Research the professor's full name and title by looking at her entry on the Faculty and Staff page of her department's website. Professors have three ranks: Assistant Professor, Associate Professor or Professor. In addition, the professor might have an additional title, such as "Chair of the Literature Department." Use these titles appropriately or you may offend the professor that you are writing to.
Begin the letter by typing your address. Skip a line and type the date, then skip a line and type "(Full name), Ph.D.," the professor's title and any additional titles, the professor's department, the university, and the department address. For example, your header might look like this:
1214 Rock Creek Dr. San Angelo, Texas 76901
April 22, 2011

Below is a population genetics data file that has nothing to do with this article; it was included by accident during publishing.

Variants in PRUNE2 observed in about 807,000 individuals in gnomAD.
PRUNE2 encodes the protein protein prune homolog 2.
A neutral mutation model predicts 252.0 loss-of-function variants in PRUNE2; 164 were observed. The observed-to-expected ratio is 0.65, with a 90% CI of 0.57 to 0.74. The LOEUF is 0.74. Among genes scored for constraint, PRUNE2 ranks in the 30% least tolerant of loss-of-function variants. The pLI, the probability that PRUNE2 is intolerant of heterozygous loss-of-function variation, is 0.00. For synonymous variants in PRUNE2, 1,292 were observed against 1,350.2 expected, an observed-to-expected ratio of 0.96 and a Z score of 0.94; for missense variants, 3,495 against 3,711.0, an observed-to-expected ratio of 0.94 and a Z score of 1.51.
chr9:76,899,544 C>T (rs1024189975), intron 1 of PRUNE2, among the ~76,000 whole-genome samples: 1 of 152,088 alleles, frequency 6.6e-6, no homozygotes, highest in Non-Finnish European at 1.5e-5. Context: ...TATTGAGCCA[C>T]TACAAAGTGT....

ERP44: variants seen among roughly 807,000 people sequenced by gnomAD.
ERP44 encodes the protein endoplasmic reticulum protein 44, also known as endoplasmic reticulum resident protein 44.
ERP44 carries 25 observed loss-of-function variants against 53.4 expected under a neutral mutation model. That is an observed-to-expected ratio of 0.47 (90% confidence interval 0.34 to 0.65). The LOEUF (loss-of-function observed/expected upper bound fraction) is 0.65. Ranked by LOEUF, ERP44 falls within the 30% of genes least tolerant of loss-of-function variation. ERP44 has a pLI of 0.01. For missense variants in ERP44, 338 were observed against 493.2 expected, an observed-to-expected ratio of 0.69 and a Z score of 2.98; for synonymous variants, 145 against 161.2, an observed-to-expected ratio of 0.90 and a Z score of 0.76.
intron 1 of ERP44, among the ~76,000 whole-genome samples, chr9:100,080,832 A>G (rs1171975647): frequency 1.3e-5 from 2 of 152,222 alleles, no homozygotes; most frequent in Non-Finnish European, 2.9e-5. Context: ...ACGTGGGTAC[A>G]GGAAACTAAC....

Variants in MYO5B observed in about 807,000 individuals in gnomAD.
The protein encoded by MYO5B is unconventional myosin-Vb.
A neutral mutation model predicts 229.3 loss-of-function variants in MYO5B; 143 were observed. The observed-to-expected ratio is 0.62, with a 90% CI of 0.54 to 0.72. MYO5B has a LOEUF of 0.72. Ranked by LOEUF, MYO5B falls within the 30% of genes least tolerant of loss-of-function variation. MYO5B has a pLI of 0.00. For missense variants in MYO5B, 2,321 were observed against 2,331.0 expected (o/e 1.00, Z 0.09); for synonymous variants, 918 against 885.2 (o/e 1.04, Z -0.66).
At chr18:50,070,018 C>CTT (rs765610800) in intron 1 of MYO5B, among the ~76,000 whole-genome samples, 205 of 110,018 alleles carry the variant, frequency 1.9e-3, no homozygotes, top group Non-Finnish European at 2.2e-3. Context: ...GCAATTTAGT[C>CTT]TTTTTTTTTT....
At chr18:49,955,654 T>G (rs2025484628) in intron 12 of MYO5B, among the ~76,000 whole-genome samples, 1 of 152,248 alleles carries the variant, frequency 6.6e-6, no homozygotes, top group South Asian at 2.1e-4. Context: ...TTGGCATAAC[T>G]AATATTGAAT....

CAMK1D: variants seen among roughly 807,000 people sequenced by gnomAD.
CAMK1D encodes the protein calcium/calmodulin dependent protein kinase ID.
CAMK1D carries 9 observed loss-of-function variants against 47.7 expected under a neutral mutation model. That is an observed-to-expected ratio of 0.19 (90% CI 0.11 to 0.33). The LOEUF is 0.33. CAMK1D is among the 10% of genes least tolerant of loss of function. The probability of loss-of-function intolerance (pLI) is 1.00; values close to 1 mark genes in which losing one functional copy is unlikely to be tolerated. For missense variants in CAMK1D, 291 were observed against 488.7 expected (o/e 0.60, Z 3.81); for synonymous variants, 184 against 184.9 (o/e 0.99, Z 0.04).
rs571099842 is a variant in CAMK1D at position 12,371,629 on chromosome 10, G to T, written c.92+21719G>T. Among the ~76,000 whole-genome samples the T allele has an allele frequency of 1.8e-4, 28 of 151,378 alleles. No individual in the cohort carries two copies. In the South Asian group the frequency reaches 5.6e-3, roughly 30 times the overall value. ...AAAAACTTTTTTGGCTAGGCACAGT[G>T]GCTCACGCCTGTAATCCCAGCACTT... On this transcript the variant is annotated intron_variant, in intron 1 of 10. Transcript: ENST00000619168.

Dr. Sheila Arlington, Associate Professor Chair of Biochemistry Biology Department Texas A & M University 1234 University Drive College Station, TX 74545
Type "Dear Dr. (Name)" followed by a colon.
Start the first paragraph by introducing yourself and explaining the purpose for the letter. Even if you are in the professor's class, he might not remember you offhand. Identify yourself and explain which course of his you are attending.
Follow up with relevant details. Maintain a respectful tone throughout the letter, and keep the details brief and relevant.
Thank the professor for her time. Provide your telephone number and e-mail address in case she needs to contact you about the letter.
Type "Sincerely," and skip three line spaces. Type your full name. Print the letter and sign your name over the typed name.